- Areas of Study
- About A&S
- Faculty & Staff
- Cultural Initiatives
- Research Initiatives
2018 Keynote Speaker: Dr. Morton Ann Gernsbacher
Dr. Gernsbacher received her Ph.D. from the University of Texas at Austin in 1983. She was an assistant, associate, and full professor at the University of Oregon from 1983 to 1992. She then joined the faculty of the University of Wisconsin-Madison, where she is a Vilas Research Professor and the Sir Frederic C. Bartlett Professor of Psychology. She is a Fellow of the American Association for the Advancement of Science, Society for Experimental Psychologists, American Psychological Association (Divisions 1, 3, and 6), Association for Psychological Science, American Educational Research Association, and Psychonomic Society. Gernsbacher has received a Research Career Development Award and a Senior Research Fellowship from the National Institutes of Health, a Fulbright Research Scholar Award, a Distinguished Alumni Award from the University of Texas at Dallas, a James McKeen Cattell Foundation Fellowship, the George A. Miller Award, a Professional Opportunities for Women Award from the National Science Foundation, a Distinguished Scientific Contribution Award from the Society for Text and Discourse, a Distinguished Service to Psychological Science Award from APA, the Ernest R. Hilgard Lifetime Achievement Award, the Lifetime Achievement Award from the Society for Experimental Psychology and Cognitive Science, a Sloan Foundation - TIER (Teaching Integrity in Empirical Research) Fellowship; and the Phi Kappa Phi (Honor Society) Biennial Scholar Award.
Dr. Gernsbacher has served as President of the 25,000-member Association for Psychological Science, President of the Society for Text and Discourse, President of the Division of Experimental Psychology of the APA, President of the Foundation for the Advancement for Behavioral and Brain Sciences, Member-at-Large of the American Association for the Advancement in Science, Chair of the APA Board of Scientific Affairs, member of the Psychonomic Society Governing Board, the Medical Affairs Committee of the National Alliance for Autism Research, the Advisory Committee of the Social, Behavioral, & Economic Sciences Directorate of the National Science Foundation, and the Scientific Program Committee for the American Association for the Advancement of Science.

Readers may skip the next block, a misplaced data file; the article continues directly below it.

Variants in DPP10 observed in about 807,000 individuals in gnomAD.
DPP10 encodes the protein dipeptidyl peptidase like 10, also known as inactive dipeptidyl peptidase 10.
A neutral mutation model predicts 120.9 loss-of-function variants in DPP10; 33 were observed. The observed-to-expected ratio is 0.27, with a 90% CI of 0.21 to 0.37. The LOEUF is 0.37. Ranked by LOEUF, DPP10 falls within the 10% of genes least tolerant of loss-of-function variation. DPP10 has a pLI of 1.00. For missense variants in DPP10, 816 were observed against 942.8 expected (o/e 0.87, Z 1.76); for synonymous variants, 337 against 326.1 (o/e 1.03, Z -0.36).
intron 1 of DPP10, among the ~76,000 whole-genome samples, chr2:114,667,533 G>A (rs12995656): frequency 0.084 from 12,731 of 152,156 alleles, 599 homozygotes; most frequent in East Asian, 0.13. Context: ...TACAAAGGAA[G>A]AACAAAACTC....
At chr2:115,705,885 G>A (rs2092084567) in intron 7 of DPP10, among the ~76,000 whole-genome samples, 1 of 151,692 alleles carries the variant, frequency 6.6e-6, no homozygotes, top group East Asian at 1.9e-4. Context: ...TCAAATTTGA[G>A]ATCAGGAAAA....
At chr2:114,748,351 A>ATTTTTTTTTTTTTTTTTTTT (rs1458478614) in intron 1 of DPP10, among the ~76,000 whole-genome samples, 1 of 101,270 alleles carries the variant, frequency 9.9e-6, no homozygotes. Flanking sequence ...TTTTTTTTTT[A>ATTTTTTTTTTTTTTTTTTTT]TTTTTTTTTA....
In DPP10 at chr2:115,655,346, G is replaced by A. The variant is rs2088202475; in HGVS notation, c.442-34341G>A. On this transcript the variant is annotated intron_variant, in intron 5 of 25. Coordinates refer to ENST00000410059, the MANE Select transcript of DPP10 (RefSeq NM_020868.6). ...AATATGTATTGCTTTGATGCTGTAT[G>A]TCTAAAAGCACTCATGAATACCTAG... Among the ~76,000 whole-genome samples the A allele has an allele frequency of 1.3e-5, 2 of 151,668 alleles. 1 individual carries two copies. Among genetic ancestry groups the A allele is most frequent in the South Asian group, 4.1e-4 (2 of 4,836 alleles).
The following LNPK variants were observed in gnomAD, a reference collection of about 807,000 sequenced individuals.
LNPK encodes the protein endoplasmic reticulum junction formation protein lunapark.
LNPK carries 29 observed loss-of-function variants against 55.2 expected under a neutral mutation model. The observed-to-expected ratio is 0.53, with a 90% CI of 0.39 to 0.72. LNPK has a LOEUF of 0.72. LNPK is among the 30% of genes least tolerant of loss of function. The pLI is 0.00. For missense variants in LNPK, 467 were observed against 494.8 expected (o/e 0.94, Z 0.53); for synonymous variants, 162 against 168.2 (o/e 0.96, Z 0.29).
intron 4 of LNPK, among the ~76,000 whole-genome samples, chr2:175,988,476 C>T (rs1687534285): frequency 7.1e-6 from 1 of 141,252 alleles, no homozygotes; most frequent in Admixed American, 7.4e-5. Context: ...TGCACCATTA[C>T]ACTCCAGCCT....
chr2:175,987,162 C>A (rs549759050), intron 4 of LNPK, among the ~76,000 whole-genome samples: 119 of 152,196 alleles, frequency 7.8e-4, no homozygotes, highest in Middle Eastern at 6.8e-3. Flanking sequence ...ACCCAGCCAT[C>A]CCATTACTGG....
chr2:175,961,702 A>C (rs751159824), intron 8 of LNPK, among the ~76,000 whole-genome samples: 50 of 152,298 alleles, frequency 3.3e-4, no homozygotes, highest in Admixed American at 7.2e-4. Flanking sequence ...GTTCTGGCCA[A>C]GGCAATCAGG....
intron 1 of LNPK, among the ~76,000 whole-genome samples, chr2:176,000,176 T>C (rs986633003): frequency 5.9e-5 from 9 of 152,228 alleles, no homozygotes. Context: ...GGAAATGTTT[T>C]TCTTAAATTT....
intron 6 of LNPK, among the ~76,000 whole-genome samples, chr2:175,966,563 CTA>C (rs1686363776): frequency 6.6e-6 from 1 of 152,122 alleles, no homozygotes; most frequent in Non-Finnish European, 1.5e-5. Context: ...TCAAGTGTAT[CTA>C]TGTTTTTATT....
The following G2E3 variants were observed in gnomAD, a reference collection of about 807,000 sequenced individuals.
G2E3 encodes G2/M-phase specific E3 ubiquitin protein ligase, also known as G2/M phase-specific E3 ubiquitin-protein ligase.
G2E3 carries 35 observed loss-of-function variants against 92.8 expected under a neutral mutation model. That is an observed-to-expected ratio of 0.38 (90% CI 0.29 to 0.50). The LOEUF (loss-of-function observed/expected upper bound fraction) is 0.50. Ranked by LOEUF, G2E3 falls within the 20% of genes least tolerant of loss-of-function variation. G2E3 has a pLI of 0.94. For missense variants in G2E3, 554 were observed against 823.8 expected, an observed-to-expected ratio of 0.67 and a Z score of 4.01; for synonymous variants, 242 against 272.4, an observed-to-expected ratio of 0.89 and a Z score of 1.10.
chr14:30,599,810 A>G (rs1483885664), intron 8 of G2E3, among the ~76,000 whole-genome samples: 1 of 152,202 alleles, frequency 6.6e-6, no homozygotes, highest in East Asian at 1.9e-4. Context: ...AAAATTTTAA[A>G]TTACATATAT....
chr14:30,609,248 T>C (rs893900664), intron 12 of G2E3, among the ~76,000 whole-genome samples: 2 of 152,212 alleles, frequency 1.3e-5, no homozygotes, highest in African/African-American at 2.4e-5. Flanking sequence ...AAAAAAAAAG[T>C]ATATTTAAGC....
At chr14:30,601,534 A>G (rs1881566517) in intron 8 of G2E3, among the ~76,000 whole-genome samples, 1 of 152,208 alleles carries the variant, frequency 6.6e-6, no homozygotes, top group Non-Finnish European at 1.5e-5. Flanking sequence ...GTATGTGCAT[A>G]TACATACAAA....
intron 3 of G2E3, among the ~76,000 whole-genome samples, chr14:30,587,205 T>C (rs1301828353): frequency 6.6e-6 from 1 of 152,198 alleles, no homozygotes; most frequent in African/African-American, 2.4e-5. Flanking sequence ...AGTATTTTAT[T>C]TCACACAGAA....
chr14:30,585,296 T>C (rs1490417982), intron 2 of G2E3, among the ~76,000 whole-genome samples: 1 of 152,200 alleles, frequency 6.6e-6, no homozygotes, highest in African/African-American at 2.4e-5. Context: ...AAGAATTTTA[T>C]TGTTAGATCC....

Dr. Gernsbacher is an award-winning teacher, who in 1998 received the Hilldale Award for Distinguished Professional Accomplishment, the highest award bestowed by the University of Wisconsin-Madison faculty. She has served as editor-in-chief of the journal, Memory & Cognition, co-editor of Psychological Science in the Public Interest, associate editor of Cognitive Psychology, and nine other editorial boards. She has delivered the William James Lecture, the Norman Anderson Distinguished Lecture, the Caskey Lecture, the John Kendall Lecture, an APA Distinguished Scientist Lecture, and she was the Inaugural Lufkin Honorary Lecturer.
Dr. Gernsbacher’s research has for over 30 years investigated the cognitive and neural mechanisms that underlie human communication. She has published over 150 journal articles and invited chapters. She has authored or edited 10 books, including Language Comprehension as Structure Building (Erlbaum, 1990); the Handbook of Psycholinguistics (Academic Press, 1994; Elsevier, 2006); Coherence in Spontaneous Text (Benjamins, 1995), the Handbook of Discourse Processes (Erlbaum, 2002), and two editions of Psychology and the Real World: Essays Illustrating Fundamental Contributions to Society (Worth, 2010; 2014). Her research has been funded by the National Institutes of Health, the National Science Foundation, the Department of Defense, the Centers for Disease Control, and several private foundations.
Keynote Address: Research Transparency in Psychological Science: How and Why?
The active ingredient of any science, including psychological science, is that its results reproduce. To ensure greater reproducibility, psychological scientists are increasingly taking steps toward greater research transparency. Such steps include preregistering their studies’ goals and analysis plans; making their studies’ research materials available to everyone; making their studies’ data available to everyone; and making their resulting research reports available to everyone. In this presentation, I’ll discuss how everyone can take these steps toward greater research transparency – and why.